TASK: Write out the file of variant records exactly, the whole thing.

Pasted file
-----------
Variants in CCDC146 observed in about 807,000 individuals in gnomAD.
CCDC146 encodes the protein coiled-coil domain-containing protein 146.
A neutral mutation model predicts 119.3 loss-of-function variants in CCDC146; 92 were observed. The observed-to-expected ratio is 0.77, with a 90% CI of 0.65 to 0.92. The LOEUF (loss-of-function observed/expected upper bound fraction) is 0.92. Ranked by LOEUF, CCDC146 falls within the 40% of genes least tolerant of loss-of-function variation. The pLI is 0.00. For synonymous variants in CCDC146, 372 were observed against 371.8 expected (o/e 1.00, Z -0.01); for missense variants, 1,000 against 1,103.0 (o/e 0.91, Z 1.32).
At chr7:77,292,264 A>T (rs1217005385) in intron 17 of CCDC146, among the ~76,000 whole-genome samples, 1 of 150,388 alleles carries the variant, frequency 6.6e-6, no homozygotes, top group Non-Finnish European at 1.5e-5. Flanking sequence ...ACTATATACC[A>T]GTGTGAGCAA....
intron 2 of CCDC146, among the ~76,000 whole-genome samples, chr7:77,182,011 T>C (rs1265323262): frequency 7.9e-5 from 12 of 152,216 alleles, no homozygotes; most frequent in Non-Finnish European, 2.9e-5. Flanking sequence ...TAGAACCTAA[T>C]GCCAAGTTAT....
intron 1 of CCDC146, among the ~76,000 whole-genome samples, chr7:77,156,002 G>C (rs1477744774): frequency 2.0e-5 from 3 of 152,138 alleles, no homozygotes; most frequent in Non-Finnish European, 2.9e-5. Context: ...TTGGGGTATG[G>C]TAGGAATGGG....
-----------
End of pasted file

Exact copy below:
Variants in CCDC146 observed in about 807,000 individuals in gnomAD.
CCDC146 encodes the protein coiled-coil domain-containing protein 146.
A neutral mutation model predicts 119.3 loss-of-function variants in CCDC146; 92 were observed. The observed-to-expected ratio is 0.77, with a 90% CI of 0.65 to 0.92. The LOEUF (loss-of-function observed/expected upper bound fraction) is 0.92. Ranked by LOEUF, CCDC146 falls within the 40% of genes least tolerant of loss-of-function variation. The pLI is 0.00. For synonymous variants in CCDC146, 372 were observed against 371.8 expected (o/e 1.00, Z -0.01); for missense variants, 1,000 against 1,103.0 (o/e 0.91, Z 1.32).
At chr7:77,292,264 A>T (rs1217005385) in intron 17 of CCDC146, among the ~76,000 whole-genome samples, 1 of 150,388 alleles carries the variant, frequency 6.6e-6, no homozygotes, top group Non-Finnish European at 1.5e-5. Flanking sequence ...ACTATATACC[A>T]GTGTGAGCAA....
intron 2 of CCDC146, among the ~76,000 whole-genome samples, chr7:77,182,011 T>C (rs1265323262): frequency 7.9e-5 from 12 of 152,216 alleles, no homozygotes; most frequent in Non-Finnish European, 2.9e-5. Flanking sequence ...TAGAACCTAA[T>C]GCCAAGTTAT....
intron 1 of CCDC146, among the ~76,000 whole-genome samples, chr7:77,156,002 G>C (rs1477744774): frequency 2.0e-5 from 3 of 152,138 alleles, no homozygotes; most frequent in Non-Finnish European, 2.9e-5. Context: ...TTGGGGTATG[G>C]TAGGAATGGG....